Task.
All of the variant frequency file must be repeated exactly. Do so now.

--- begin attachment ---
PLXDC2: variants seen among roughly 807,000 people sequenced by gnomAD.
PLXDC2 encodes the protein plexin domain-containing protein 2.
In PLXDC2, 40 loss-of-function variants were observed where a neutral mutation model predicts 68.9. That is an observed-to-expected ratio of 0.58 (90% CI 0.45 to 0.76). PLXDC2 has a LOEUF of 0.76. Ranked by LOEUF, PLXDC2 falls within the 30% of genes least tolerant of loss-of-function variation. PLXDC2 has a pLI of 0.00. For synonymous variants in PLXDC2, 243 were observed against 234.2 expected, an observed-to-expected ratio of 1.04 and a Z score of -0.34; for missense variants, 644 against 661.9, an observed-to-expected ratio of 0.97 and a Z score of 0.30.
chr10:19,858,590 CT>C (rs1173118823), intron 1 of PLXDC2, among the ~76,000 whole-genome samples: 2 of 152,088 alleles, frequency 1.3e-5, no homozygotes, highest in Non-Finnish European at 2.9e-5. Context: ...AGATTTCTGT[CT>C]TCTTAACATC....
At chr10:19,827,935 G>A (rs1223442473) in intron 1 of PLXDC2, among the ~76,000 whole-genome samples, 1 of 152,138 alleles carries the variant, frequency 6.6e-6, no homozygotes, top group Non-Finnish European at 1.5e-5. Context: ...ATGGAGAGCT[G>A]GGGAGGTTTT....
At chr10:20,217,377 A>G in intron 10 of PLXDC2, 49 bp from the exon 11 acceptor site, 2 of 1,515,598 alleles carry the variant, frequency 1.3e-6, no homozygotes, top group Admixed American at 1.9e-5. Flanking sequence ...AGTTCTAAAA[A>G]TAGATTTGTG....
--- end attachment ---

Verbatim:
PLXDC2: variants seen among roughly 807,000 people sequenced by gnomAD.
PLXDC2 encodes the protein plexin domain-containing protein 2.
In PLXDC2, 40 loss-of-function variants were observed where a neutral mutation model predicts 68.9. That is an observed-to-expected ratio of 0.58 (90% CI 0.45 to 0.76). PLXDC2 has a LOEUF of 0.76. Ranked by LOEUF, PLXDC2 falls within the 30% of genes least tolerant of loss-of-function variation. PLXDC2 has a pLI of 0.00. For synonymous variants in PLXDC2, 243 were observed against 234.2 expected, an observed-to-expected ratio of 1.04 and a Z score of -0.34; for missense variants, 644 against 661.9, an observed-to-expected ratio of 0.97 and a Z score of 0.30.
chr10:19,858,590 CT>C (rs1173118823), intron 1 of PLXDC2, among the ~76,000 whole-genome samples: 2 of 152,088 alleles, frequency 1.3e-5, no homozygotes, highest in Non-Finnish European at 2.9e-5. Context: ...AGATTTCTGT[CT>C]TCTTAACATC....
At chr10:19,827,935 G>A (rs1223442473) in intron 1 of PLXDC2, among the ~76,000 whole-genome samples, 1 of 152,138 alleles carries the variant, frequency 6.6e-6, no homozygotes, top group Non-Finnish European at 1.5e-5. Context: ...ATGGAGAGCT[G>A]GGGAGGTTTT....
At chr10:20,217,377 A>G in intron 10 of PLXDC2, 49 bp from the exon 11 acceptor site, 2 of 1,515,598 alleles carry the variant, frequency 1.3e-6, no homozygotes, top group Admixed American at 1.9e-5. Flanking sequence ...AGTTCTAAAA[A>G]TAGATTTGTG....